California may be the pioneer in this level of bureaucratizing sex, but this bill is part of a nationwide effort to make it easier to find someone accused of sexual assault guilty. Indeed, both this bill and another one on the federal level, sponsored by Senator Claire McCaskill (D., Mo.) use the word “victim” to refer to the accuser prematurely—under traditional judicial practices, one only becomes legally a victim after the crime is proved. Until then, you are the complainant or the plaintiff.
McCaskill’s Campus Accountability and Safety Act (CASA), may have the laudable goal of making campuses safer for women, but it is a civil rights nightmare. There are no provisions to bring law enforcement into the picture, and these serious, life-changing allegations are considered by college tribunals (as is the case in California).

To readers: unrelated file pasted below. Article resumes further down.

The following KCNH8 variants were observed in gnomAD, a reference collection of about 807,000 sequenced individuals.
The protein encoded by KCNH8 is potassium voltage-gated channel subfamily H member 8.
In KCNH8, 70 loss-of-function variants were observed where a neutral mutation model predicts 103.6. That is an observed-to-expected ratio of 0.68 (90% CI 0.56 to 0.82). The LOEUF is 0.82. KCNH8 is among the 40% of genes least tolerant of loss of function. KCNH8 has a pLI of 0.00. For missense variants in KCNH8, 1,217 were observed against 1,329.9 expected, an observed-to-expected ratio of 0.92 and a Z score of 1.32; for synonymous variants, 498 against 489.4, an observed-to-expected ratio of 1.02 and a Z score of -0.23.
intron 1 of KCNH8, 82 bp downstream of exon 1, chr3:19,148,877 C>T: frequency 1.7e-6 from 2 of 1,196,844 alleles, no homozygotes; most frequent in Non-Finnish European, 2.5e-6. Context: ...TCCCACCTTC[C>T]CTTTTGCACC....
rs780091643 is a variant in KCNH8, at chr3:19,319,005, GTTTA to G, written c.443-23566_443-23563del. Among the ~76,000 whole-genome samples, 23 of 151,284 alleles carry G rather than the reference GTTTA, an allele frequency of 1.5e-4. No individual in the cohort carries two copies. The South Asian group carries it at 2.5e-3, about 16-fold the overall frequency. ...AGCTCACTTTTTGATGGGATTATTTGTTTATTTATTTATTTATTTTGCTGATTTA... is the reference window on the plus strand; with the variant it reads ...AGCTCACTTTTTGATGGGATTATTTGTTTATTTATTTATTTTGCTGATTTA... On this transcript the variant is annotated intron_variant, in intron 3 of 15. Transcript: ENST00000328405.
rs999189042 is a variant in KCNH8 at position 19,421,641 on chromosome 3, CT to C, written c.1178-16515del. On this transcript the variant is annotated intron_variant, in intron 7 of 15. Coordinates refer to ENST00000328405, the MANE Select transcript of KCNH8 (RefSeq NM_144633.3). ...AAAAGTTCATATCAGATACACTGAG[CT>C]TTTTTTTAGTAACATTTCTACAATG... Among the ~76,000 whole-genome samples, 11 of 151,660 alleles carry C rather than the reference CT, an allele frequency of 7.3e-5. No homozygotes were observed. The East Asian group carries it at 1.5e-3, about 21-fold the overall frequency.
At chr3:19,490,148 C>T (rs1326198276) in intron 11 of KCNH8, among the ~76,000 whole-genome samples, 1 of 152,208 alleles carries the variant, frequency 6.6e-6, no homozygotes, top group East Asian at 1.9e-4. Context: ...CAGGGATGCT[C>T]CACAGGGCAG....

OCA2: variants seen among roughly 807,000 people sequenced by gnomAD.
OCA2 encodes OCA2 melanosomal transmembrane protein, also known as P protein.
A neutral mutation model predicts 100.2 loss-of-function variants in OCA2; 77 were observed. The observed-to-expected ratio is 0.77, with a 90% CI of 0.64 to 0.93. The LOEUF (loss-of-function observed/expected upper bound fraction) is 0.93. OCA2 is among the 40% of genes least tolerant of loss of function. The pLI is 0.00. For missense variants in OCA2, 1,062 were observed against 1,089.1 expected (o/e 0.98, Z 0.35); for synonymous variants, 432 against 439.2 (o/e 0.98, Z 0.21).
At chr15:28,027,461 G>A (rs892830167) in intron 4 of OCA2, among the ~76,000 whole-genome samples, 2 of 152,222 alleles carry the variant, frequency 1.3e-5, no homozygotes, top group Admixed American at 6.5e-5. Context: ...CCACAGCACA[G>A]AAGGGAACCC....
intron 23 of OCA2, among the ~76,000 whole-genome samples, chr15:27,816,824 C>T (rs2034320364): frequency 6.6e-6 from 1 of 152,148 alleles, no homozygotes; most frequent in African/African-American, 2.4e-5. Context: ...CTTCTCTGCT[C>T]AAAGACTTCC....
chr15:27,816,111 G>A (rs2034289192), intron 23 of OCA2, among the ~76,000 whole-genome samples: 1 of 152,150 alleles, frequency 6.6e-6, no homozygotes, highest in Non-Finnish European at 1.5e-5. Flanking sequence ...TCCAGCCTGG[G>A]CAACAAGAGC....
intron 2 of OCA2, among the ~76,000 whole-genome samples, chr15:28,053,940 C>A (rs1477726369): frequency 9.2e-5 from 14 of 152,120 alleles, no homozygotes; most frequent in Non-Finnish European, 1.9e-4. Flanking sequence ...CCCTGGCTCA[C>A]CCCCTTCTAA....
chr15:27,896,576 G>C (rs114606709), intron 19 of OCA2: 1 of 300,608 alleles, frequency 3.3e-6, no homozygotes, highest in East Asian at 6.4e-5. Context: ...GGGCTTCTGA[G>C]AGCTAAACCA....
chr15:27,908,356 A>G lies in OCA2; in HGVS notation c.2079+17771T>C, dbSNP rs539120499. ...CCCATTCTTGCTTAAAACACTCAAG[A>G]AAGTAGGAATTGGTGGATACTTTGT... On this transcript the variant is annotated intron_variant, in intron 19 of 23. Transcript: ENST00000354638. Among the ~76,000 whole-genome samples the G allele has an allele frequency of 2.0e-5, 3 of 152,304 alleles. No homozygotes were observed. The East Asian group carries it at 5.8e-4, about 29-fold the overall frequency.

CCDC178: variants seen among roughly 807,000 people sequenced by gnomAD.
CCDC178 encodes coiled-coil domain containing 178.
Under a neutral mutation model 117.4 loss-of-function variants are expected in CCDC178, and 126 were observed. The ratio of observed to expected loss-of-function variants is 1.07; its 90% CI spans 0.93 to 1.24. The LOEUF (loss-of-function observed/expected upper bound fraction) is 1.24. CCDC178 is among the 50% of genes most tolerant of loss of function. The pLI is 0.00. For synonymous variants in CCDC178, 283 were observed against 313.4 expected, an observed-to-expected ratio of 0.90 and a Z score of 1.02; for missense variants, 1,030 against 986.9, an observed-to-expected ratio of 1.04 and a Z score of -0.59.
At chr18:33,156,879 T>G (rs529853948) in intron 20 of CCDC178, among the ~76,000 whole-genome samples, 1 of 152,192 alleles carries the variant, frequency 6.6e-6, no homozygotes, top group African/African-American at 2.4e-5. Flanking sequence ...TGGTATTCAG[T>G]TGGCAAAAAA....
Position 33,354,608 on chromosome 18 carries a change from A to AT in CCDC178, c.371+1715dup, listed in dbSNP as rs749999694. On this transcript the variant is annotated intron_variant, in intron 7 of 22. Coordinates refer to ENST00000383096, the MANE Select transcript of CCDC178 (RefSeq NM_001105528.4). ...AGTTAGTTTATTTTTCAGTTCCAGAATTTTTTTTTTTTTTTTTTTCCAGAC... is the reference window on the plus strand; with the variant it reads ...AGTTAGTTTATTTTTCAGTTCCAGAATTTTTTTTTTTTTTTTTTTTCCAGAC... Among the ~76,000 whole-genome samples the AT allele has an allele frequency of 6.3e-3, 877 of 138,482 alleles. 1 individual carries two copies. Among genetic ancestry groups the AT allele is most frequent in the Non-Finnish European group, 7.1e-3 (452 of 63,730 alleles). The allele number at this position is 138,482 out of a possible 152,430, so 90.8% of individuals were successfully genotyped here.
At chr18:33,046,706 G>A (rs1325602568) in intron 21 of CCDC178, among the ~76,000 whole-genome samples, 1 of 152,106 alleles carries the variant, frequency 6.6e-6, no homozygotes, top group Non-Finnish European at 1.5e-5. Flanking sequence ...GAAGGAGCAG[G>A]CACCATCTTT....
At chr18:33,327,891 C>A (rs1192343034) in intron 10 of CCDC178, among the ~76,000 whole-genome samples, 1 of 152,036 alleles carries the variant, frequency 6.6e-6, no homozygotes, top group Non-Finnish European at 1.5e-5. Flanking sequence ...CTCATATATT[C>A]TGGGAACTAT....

Stuart Taylor noted on the IWF “rape culture” panel that “perhaps most colleges care more about their narrow self-interest than about doing justice or finding the truth.” In the past, that might have meant covering up rape statistics. But no longer. “The Obama administration and many colleges have adopted a de facto presumption of male guilt in a crusade to railroad the accused, including many young men who have been wrongly accused by non-victims of rape,” Taylor added.
College disciplinary committees hearing sexual assault cases now operate on a “preponderance of evidence standard” rather than according the accused due process, a cornerstone of our legal system. This California bill seeks to do something else injurious to legal safeguards of the accused: turn acts that were not intended and viewed at the time as sexual assault into rape. I’d say this was a subliminal puritan plot to eliminate campus sex, except that it won’t.